Black and summer truffle are adapted to dry and hot conditions, with well marked seasons, humid temperate or cold sub humid Mediterranean climate. Hot and humid springs, dry summers with some storms, no frost at the beginning of autumn, and winters with no long cold periods below 10ºC.
Rain between 425-900 mm. (600-1500 mm in Italy and France). 48-64 mm of rain monthly from June to the end of august, from a few summer storms.
Previous crops will condition the organic matter contents and fungi contaminations on the area we’re planning to plant the mycorhized seedlings.
Best previous crops are cereals, pulses, lucerne, most of fruit trees, as they are endomycorhizal.
Host plant election
Black truffle grows in symbiosis with a wide variety of plants (see next chart). But just some of them are used for its cultivation. Actually in Spain about 90% of plantation are with holm oak (Quercus ilex ssp. ballota), and secondary oaks (Quercus pubescens, Quercus faginea)and hazel (Corylus avellana).
Density and platation distances
We recommend densities between 200-400 trees/Ha for the black truffle. Less density as deeper, rich soils and with water stocks, as trees will grow faster. More trees per hectare allow more trees to fruit and less time to wait for the production to start, but we have to prune more to avoid the plantation to get closed.
Usually plants are located at 6×6 or 7×7 but we can also join plants in the row and separate the rows at more distance (6×8, 5×7 or 4×10). In this case rows are planted north to south, allowing sun to light the centre of the whole row.
Previous works to get the soil ready to plant are done in summer and autumn. Any ploughing will be done with no heavy tractors and on dry soil avoiding soil compactation.
If soil is OK, but there’s no drainage we can plough deeper trying to break the plough layer that appear after several years working at the same deep. Note not to tumble and mix soil layers, that can lead to a delay starting to fruit.
Between November and may dig the plant holes and mark them not to harm the small seedlings once planted, hard to see trough the weeds.
In the following figure you can see the most comon tasks and machinery used to prepare the soil for planting a truffiere.
Economical features about truffle
The black truffle and summer truffle growing areas have limestone soils, generally of a poor quality. These areas are used for crops associated with low agricultural performance. These farms depend on financial aid for their survival. Truffle growers do not have to depend on subsidies any more, as they can triple the income earned from traditional crops in these areas, and the value of farming land may even increase in truffle growing regions.
Spain, where it is estimated that some 10,000 families are involved in truffle growing and truffle gathering, accounts for 30-50% of world black truffle production. Very few people now work exclusively as truffle hunters. Most combine truffle hunting with other work and/or do it at the weekend, or try to match their holidays with the gathering season. A truffle hunter working a full day currently collects between 3-5 kg of wild black truffle a week, very far from the 8-12 kg a day remembered by old truffle hunters.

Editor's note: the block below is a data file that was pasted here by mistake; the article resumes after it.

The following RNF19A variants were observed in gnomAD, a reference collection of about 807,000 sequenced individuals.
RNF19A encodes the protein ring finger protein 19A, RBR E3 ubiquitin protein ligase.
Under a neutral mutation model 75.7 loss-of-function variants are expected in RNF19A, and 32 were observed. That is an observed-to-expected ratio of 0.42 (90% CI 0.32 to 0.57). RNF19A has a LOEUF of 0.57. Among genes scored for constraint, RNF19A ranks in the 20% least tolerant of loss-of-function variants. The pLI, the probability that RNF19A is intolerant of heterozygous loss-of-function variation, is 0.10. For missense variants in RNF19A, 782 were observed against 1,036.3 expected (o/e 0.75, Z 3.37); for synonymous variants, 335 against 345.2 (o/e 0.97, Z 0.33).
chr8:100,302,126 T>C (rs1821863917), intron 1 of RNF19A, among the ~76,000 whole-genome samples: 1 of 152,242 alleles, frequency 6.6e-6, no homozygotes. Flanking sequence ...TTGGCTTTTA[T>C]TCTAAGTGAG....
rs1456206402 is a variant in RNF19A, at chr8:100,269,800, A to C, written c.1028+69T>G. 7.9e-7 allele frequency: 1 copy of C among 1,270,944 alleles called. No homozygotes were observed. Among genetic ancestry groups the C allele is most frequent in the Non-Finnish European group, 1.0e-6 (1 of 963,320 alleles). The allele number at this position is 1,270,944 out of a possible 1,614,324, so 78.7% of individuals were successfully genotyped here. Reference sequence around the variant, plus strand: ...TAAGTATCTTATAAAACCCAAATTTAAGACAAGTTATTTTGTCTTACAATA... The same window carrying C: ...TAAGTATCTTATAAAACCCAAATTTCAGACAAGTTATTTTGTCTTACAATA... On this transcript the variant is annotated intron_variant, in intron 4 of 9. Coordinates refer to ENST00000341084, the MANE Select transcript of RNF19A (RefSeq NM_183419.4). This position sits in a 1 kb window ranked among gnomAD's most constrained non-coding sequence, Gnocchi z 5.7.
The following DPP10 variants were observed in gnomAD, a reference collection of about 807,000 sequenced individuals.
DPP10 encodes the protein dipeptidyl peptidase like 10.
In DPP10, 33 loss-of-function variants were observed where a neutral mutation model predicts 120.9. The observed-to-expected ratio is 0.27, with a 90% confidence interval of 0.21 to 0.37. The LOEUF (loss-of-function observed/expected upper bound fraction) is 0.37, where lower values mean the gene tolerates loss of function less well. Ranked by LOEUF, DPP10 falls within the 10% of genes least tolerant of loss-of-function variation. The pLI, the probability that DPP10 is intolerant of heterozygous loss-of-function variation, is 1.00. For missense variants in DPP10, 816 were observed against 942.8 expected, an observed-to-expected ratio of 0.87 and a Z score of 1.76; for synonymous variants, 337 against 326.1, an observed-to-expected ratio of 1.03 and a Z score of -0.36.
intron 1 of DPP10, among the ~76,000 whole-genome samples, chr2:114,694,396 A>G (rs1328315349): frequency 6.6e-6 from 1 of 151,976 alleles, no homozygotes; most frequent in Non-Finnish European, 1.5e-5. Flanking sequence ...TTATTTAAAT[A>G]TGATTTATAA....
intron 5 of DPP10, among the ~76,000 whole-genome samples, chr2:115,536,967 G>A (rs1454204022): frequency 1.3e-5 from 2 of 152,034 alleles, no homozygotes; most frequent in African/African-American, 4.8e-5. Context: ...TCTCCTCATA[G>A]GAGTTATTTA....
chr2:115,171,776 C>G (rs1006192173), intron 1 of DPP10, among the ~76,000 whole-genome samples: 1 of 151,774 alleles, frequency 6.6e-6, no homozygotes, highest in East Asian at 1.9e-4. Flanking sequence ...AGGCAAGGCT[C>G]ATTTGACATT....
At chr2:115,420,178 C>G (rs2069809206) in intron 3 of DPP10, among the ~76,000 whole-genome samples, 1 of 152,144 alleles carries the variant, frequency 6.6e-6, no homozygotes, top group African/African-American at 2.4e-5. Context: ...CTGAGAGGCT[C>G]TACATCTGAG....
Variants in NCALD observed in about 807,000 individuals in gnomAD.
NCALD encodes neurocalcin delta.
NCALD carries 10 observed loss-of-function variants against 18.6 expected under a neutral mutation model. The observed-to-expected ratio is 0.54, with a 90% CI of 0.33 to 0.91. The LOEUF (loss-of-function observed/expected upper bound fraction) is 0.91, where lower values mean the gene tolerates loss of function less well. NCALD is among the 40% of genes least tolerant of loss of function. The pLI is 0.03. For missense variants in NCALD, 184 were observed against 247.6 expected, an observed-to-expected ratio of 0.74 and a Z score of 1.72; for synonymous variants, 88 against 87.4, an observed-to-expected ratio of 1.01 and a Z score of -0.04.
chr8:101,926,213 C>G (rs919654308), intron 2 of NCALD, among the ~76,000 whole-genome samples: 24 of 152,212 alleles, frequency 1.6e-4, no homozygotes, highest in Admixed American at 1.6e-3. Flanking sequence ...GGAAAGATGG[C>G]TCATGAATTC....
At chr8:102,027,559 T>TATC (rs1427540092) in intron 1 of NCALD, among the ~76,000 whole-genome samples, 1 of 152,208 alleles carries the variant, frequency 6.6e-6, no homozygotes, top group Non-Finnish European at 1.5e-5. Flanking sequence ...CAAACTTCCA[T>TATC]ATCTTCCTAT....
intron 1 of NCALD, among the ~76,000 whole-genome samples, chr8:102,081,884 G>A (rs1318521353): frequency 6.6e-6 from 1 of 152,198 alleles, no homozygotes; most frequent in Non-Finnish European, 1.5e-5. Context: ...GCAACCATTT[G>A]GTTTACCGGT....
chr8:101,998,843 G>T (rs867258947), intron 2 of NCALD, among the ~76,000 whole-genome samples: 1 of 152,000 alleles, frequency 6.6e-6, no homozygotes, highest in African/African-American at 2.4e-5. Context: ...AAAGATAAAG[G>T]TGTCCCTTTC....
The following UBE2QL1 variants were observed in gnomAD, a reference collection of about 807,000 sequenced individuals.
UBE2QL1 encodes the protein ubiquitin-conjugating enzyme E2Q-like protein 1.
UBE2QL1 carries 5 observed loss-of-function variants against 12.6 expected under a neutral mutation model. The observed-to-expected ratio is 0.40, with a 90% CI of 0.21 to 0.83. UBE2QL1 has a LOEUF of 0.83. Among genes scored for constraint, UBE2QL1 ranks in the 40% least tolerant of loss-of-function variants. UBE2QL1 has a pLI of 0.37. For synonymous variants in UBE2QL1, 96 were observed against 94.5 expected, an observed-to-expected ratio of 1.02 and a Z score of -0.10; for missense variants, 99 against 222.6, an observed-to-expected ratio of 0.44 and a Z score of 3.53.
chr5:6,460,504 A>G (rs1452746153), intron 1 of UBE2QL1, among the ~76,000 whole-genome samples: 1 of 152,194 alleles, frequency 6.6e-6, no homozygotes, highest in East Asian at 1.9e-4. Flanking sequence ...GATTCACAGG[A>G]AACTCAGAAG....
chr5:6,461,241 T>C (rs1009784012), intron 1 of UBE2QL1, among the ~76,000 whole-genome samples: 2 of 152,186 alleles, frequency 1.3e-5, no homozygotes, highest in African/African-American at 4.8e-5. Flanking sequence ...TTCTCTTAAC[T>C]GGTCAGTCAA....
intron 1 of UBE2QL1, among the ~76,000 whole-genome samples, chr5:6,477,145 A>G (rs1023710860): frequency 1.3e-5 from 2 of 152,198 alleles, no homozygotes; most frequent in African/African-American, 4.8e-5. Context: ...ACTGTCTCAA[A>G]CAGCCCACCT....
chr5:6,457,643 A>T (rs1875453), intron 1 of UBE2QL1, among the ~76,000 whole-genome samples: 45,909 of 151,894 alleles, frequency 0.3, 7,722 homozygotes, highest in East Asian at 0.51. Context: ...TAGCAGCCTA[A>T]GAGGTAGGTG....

The price of black truffles in Spain varies greatly depending on whether the season is good (with plenty of truffles) or not. Truffle prices conform to traditional models, where higher production means lower prices. Truffle gatherers are paid between €200 and €850 per kg for the black truffle,197 and, generally, just under half this amount for winter truffles in the same season. The price paid to gatherers for the summer truffle in Spain is between €35 and €80 per kg.
Profitability of truffle farming
It is hard to ascertain the average production of artificial plantations. There are references to a single burn being able to produce 10 kg of truffles and to a plantation of oaks mycorrhized with black truffle producing 200 kg/ha/yr. In contrast, some plantations have never started to produce, for a variety of reasons, so truffle farming as a business is not without risk. In Spain, a minimum production of 8-10 kg/ha/yr is required to recoup the investment made in a plantation. In other countries, with high initial costs, such as liming to bring up the pH, more truffles have to be produced before any profit is made, or, to put it another way, the cost of production per kilogram of truffle is greater. Some French truffle growers have remarked that production begins to decrease after 50 years. However, we have found several truffle fields over a hundred years old with burns over 12 m in diameter and in full production.
Current net values in plantations in Spain, France and Italy range from €19,424/ha to €66,972/ha. The average internal rate of return is always above 9% and the payback period of the investment is equal to or greater than 10 years.